Brian Sullivan

"On the road to heaven the highway to hell," Stephen Shanabrook
The motivations may vary, but the psychology that enabled young men at Gallipoli to jump out of the trenches into the Turkish machine gun fire, or teenage British bomber crews to fly knowing they were unlikely to survive five missions, is no different to that which enables a well educated Saudi to hijack a plane and crash it into the World trade centre, or members of a cult committing suicide in the belief that a space ship from outer space is waiting to collect them.

In 2006, a combined study based on information from British and American intelligence agencies, into the backgrounds of suicide bombers, found that without exemption they were motivated by grievances about foreign occupation or control in their own country, or a country to which they felt connected eg the World Trade Centre bombers were almost all Saudis incensed by the permanent American bases created in Saudi Arabia after the first Gulf war. This study also found that many suicide bombers have been atheists.

Governments of civilian populations targeted by suicide bombers try to explain the behaviour as somehow different from what they consider to be acceptable “collateral damage” done to an enemy’s civilians by their own armies. If you can dismiss the attacks “as being done by fanatics” it stops people asking the obvious question: “Why do these people (suicide bombers) see us as their enemy?”

This is the question that must be addressed if we are going to effectively deal with terrorism long term, particularly as multicultural policies combined with separate schooling is breeding a dangerous combination of suspicion and exclusion. If young second and third generation migrant youth are encouraged to remain segregated in the “stopped clock” cultures of their parents and grand parents, their anger and frustration at their alienation makes them vulnerable for recruitment into organisations only too willing to mobilise those feelings into a role that provides an unambiguous identity, makes them feel important,and valued by a “higher authority”.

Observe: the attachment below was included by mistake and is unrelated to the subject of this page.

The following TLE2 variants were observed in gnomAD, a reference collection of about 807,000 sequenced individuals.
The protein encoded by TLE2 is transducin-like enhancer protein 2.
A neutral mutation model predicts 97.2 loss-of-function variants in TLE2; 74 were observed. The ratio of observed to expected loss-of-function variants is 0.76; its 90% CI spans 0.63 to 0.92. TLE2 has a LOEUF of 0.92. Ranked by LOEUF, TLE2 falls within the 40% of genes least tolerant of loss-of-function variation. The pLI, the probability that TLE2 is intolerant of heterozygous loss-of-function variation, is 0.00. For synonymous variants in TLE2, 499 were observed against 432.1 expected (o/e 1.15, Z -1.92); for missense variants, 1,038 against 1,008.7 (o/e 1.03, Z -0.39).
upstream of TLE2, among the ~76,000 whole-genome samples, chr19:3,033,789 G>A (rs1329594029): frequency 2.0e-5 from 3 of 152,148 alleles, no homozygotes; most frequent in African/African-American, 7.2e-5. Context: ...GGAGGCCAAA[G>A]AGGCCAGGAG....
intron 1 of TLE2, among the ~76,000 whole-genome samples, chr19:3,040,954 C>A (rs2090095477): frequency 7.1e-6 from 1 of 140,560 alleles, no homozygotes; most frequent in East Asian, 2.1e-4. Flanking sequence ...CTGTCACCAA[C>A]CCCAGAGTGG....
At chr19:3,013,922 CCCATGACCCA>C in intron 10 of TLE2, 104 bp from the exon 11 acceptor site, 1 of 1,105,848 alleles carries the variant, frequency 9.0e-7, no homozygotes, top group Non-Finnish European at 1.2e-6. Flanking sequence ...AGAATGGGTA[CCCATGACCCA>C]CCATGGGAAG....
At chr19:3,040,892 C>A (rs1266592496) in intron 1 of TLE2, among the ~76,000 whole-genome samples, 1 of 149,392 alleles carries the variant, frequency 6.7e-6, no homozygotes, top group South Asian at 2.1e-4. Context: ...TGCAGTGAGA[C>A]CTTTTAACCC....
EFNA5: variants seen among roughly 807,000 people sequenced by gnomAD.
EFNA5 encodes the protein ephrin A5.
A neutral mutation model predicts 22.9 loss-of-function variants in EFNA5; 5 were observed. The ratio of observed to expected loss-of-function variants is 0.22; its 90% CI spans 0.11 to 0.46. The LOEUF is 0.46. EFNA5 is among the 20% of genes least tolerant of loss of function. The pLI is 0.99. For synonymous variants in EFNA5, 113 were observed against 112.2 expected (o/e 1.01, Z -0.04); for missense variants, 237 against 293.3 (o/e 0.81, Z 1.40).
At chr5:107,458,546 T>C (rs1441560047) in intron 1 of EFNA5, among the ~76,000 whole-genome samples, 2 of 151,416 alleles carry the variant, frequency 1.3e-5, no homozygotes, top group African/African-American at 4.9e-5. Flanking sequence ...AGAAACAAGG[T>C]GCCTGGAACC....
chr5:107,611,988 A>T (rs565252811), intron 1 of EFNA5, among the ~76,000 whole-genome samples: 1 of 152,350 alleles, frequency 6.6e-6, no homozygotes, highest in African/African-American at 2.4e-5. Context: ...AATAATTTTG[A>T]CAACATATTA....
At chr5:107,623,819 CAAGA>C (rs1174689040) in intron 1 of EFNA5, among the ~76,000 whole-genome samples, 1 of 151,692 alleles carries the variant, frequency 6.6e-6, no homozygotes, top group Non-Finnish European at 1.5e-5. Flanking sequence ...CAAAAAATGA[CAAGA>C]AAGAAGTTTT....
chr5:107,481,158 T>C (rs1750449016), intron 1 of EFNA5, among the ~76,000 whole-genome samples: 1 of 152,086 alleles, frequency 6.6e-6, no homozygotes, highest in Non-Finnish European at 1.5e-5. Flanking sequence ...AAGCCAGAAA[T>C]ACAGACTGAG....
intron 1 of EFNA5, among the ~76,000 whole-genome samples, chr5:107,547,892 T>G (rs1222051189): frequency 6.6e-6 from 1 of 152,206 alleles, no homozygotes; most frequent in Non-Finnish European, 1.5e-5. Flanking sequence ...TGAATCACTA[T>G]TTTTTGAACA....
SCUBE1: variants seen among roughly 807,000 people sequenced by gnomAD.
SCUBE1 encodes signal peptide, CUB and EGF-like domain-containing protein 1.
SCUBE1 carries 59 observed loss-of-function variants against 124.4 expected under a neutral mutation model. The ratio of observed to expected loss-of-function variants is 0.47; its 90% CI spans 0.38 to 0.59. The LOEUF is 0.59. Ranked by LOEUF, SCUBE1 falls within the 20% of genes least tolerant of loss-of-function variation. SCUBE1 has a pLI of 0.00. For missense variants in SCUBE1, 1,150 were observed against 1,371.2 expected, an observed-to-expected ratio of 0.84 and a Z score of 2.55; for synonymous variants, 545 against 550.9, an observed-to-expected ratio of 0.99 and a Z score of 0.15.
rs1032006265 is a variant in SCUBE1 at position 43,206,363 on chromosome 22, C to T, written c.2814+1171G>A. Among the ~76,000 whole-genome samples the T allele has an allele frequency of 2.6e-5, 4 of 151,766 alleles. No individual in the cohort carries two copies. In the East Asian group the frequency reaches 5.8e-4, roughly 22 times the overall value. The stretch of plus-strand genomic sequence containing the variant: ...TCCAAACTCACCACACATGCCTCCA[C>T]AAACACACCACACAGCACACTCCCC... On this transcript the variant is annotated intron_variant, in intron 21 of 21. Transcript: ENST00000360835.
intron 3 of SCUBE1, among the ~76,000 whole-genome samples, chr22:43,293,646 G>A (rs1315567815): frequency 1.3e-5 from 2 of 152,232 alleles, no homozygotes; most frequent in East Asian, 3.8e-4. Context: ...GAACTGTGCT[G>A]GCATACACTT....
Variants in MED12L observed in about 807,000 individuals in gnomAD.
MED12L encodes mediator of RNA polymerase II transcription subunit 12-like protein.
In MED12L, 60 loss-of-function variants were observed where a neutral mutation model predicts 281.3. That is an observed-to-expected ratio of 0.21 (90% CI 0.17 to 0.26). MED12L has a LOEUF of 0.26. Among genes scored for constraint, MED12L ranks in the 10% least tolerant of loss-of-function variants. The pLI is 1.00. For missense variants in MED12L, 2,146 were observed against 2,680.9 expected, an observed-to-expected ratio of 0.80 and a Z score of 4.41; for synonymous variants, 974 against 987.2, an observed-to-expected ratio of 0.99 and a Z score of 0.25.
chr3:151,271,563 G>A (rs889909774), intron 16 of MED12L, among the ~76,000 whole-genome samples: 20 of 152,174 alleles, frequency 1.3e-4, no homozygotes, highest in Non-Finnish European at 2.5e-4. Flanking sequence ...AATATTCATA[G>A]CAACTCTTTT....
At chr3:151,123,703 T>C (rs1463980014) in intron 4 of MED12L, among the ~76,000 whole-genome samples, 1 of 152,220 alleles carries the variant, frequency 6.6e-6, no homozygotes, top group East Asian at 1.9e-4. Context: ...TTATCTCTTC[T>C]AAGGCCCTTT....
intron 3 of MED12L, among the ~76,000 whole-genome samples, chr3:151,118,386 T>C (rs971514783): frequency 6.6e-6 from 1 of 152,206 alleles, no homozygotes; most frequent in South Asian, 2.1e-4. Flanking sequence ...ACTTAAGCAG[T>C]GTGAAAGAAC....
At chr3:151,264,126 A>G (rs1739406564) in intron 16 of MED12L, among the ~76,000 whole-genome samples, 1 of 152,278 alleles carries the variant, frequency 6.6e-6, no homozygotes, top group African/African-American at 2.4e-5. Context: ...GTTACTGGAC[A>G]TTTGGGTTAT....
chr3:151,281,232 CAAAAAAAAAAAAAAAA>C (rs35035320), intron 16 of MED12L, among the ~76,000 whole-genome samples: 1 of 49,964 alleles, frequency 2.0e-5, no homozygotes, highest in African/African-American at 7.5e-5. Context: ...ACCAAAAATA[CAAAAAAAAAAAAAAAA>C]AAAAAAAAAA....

What was particularly interesting about the recent research into terrorism was that even though the attacks may have occurred in foreign countries, the motivation was the perceived injustices of foreign powers operating in their own country. They were not random or meaningless attacks by mad men. (At the moment the biggest perceived grievance appears to centre on the occupation of the Palestinian Territories by Israel, funded by America and supported unconditionally by Australia and Britain).

Psychologically, terrorists are no different to other people. Like other people they feel outrage when they perceive a situation as unjust or unfair, like others they seek certainty, purpose and meaning in their lives. The extremes to which they are prepared to go are no different in degree to that of a soldier or a fundamentalist Christian prepared to kill an abortionist.

We must understand and accept this if we are to ask the right questions to get the right answers to this disturbing problem.
- Psychologist Louise Samways "Dangerous Persuaders".

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